Our English Subject Leaders are: Mr Nicklin, Mrs Robinson and Mrs Holden
At Disley Primary School, we value reading as a key life skill, and are dedicated to enabling our pupils to become lifelong readers. We believe reading is crucial for academic success and so we ensure we have a holistic approach to the teaching of reading. It is our intention that the children at Disley:
What do we teach? What does this look like?
We teach the National Curriculum, supported by a clear skills and knowledge progression across the school. This ensures that skills and knowledge are built on year by year and sequenced appropriately to maximise learning for all children.
At Disley we have a skills based approach to reading using VIPERS (Vocabulary, Inference, Prediction, Explain, Retrieve and Sequence/Summarise) skills within regular Whole Class Guided Reading lessons. We use a variety of high quality texts, which link to our topic when applicable, and all children in the class will access it together. Once an understanding of the text is in place, we work on the VIPERS skills. In our school, our reading curriculum links closely with our writing curriculum; we use a text-based approach that enables us to create opportunities for reading, discussion and writing within English and reading lessons.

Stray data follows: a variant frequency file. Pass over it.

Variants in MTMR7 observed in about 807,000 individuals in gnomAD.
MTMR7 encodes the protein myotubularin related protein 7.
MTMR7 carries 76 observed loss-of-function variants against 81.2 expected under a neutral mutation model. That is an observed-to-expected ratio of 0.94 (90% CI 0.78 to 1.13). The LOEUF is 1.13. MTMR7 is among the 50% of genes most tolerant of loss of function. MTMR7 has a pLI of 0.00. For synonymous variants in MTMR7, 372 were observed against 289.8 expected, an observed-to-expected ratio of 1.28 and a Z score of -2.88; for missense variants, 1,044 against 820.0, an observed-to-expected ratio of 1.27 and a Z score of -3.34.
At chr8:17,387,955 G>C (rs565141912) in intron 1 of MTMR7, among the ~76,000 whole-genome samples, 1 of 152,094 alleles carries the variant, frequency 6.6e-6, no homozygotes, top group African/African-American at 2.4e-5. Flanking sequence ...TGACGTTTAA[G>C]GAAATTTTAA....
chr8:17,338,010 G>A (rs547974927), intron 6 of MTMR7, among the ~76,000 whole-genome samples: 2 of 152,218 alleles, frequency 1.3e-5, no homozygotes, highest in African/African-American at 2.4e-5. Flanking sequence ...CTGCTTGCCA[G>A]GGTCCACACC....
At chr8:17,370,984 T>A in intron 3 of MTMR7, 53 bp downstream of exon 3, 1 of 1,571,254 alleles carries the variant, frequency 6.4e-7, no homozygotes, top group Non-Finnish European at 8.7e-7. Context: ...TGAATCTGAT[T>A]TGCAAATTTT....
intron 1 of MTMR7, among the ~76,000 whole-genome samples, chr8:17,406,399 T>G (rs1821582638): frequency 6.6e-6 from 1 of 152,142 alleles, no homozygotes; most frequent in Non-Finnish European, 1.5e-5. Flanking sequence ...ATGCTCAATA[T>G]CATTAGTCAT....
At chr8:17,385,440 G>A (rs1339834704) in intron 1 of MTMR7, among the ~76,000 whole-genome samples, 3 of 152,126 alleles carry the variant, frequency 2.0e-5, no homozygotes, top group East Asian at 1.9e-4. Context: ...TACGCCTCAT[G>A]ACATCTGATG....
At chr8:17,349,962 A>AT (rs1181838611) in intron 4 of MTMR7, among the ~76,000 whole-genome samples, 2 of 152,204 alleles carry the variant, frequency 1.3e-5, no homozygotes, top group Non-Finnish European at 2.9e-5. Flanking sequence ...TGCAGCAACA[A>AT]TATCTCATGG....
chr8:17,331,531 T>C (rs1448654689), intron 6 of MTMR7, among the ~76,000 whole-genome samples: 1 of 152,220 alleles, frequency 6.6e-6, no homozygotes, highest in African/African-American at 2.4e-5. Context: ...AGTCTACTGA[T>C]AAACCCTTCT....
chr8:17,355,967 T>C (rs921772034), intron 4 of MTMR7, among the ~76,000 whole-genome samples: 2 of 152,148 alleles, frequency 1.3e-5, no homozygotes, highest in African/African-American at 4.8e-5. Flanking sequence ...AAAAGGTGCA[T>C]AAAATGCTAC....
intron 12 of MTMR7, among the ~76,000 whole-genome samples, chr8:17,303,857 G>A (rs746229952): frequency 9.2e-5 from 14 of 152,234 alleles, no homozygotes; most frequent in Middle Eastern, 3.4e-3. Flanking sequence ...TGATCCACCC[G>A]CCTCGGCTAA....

In EYFS and early KS1, there is a greater emphasis on phonics; this is then applied throughout the rest of the school to consolidate what has been learnt. Within daily phonic sessions, children have the opportunity to revisit previous learning, practise and apply new skills in structured but engaging ways. Jolly Phonics is used in Reception to learn the initial letter sounds. The songs and movements help children with a wide range of learning styles to embed the sounds. Phonics lessons take place 5x per week in Reception and 4x per week in KS1. 4 new sounds per week are learnt in Reception and 3 new sounds per week are learnt in KS1.
We encourage reading for pleasure through children having a choice of challenging and enriching texts as well as building in time for children to read independently and as part of a whole class. All children have daily opportunities to read a variety of material in school, including regularly with an adult.
Regardless of background, ability or additional needs, by the time children leave Disley, they will: